IC 348 – Open Star Cluster Plus Nebula – Perseus – January 2021 Observer’s Challenge Report #144

Compiled by:

Roger Ivester, North Carolina 

&

Sue French, New York

January 2021

Report #144

IC 348 – Cluster plus Nebula in Perseus

Sharing Observations and Bringing Amateur Astronomers Together

This month’s target

During his term as the first director of Dearborn Observatory, Truman Henry Safford discovered IC 348 on December 1, 1866, with the observatory’s 18.5-inch refractor. Safford published his observation in a table of objects found at Dearborn in the years 1866–1868. The table uses the alphabet-soup notation common to the era, which decrypted means: very large, very gradually brighter in the middle, pretty bright. Additionally, a note below that section of the table describes the object as “A loose cluster with nebula.” The combo appeared in the First Index Catalogue.

IC 348 has the dubious honor of bearing two IC designations. Edward Emerson Barnard independently discovered the nebula in 1893, and it was placed in the Second Index Calalogue as IC 1985, without anyone tumbling to the fact that it was already in the previous IC catalog. Unlike Safford, Barnard didn’t note the existence of the cluster within the nebula.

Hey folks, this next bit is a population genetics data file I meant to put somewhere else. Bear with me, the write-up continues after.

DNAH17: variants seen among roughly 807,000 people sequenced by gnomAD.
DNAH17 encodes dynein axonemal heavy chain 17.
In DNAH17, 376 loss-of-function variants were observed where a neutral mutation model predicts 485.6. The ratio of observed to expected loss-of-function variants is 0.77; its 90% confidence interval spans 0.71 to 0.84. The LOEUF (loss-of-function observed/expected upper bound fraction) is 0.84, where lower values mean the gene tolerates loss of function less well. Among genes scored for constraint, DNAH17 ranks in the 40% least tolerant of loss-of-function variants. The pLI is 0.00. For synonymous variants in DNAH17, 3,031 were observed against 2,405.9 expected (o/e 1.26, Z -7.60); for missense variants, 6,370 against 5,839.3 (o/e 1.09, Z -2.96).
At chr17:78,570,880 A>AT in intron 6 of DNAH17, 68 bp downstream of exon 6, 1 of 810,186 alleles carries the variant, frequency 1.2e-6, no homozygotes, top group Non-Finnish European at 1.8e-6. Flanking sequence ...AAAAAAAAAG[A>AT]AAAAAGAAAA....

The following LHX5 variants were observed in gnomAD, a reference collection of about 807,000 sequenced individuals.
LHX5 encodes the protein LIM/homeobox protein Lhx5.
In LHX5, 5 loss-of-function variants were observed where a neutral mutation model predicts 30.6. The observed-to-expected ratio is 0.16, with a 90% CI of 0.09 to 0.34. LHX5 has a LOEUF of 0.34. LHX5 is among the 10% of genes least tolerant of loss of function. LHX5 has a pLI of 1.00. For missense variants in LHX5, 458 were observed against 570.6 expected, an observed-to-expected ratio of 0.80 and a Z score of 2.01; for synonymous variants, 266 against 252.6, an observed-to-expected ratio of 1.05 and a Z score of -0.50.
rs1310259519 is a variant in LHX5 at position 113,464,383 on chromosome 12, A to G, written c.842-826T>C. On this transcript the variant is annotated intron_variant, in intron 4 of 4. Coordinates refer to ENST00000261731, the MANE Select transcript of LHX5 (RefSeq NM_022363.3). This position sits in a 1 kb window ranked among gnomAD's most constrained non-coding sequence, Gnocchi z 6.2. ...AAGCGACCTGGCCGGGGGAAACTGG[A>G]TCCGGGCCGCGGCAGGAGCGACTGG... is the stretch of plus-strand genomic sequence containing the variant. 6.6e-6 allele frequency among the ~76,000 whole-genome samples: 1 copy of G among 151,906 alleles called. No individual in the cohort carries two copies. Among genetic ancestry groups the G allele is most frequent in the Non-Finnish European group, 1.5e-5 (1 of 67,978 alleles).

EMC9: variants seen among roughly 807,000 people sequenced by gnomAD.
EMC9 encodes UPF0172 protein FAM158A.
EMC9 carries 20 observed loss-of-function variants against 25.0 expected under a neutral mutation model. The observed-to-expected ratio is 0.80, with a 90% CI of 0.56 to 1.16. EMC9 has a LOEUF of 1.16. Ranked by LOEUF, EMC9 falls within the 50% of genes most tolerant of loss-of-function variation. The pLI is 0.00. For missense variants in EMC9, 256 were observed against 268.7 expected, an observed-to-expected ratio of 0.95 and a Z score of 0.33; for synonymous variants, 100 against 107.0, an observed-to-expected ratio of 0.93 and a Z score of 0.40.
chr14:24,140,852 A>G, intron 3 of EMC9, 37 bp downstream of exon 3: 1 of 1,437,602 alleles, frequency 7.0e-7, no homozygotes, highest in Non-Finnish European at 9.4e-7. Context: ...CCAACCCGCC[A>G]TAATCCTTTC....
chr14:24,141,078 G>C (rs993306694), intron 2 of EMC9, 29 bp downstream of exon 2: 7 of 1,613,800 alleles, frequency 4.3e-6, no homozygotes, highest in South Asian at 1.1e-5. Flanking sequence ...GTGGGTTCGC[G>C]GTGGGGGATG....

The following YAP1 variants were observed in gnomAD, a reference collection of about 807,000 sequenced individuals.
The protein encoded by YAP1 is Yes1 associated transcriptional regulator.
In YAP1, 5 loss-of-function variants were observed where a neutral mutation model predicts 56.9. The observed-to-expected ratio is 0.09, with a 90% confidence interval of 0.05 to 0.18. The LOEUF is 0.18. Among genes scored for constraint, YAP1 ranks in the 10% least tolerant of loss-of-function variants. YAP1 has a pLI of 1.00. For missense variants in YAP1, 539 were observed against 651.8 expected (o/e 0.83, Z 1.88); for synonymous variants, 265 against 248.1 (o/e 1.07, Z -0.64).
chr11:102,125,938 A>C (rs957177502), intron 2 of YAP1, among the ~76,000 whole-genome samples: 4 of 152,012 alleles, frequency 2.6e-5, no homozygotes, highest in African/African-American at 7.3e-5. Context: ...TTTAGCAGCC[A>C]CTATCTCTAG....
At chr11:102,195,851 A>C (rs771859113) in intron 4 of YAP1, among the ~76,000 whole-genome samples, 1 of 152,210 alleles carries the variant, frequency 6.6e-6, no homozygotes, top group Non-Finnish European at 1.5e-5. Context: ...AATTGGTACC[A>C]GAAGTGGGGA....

IC 348 is thought to be roughly 1000 light-years away and a youthful 2–3 million years old. It holds about 500 stars, with brightest being hot, blue-white stars on the main sequence. The cluster’s visual magnitude is 7.3. By Sue French

january-2021-observers-challenge-_ic-348

Mario Motta: Observer from Massachusetts

This is 90 min, about 30 mins each Red/green/blue through the 32-inch scope, asi6200 camerainteresting in that I thought was mostly a reflection nebula, but the nebula is both red and some blue, so must be both reflection and some emission.

Roger Ivester: Observer from North Carolina

IC 348, open cluster in Perseus enveloped with nebulosity:  

Just to the south of bright star Omicron Persei (apparent visual magnitude 3.8) lies the sparse and scattered open cluster IC 348, which contains about 10 mostly dim stars.   


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